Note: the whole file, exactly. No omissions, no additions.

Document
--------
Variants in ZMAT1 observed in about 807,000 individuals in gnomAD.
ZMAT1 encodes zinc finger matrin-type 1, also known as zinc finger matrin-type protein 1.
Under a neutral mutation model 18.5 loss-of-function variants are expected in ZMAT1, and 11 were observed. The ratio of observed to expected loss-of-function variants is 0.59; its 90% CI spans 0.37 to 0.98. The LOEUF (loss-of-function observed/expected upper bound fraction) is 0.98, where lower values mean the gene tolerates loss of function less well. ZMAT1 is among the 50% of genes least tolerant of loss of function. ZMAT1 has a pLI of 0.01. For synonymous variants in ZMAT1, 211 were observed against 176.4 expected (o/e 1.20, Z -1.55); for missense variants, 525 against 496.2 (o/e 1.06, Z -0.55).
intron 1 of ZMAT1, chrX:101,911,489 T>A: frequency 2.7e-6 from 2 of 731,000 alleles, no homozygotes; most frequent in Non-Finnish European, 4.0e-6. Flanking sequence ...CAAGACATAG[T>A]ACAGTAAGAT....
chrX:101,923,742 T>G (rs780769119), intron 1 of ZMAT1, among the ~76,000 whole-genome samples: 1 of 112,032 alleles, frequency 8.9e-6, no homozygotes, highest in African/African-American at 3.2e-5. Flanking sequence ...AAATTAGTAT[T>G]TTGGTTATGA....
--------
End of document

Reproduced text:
Variants in ZMAT1 observed in about 807,000 individuals in gnomAD.
ZMAT1 encodes zinc finger matrin-type 1, also known as zinc finger matrin-type protein 1.
Under a neutral mutation model 18.5 loss-of-function variants are expected in ZMAT1, and 11 were observed. The ratio of observed to expected loss-of-function variants is 0.59; its 90% CI spans 0.37 to 0.98. The LOEUF (loss-of-function observed/expected upper bound fraction) is 0.98, where lower values mean the gene tolerates loss of function less well. ZMAT1 is among the 50% of genes least tolerant of loss of function. ZMAT1 has a pLI of 0.01. For synonymous variants in ZMAT1, 211 were observed against 176.4 expected (o/e 1.20, Z -1.55); for missense variants, 525 against 496.2 (o/e 1.06, Z -0.55).
intron 1 of ZMAT1, chrX:101,911,489 T>A: frequency 2.7e-6 from 2 of 731,000 alleles, no homozygotes; most frequent in Non-Finnish European, 4.0e-6. Flanking sequence ...CAAGACATAG[T>A]ACAGTAAGAT....
chrX:101,923,742 T>G (rs780769119), intron 1 of ZMAT1, among the ~76,000 whole-genome samples: 1 of 112,032 alleles, frequency 8.9e-6, no homozygotes, highest in African/African-American at 3.2e-5. Flanking sequence ...AAATTAGTAT[T>G]TTGGTTATGA....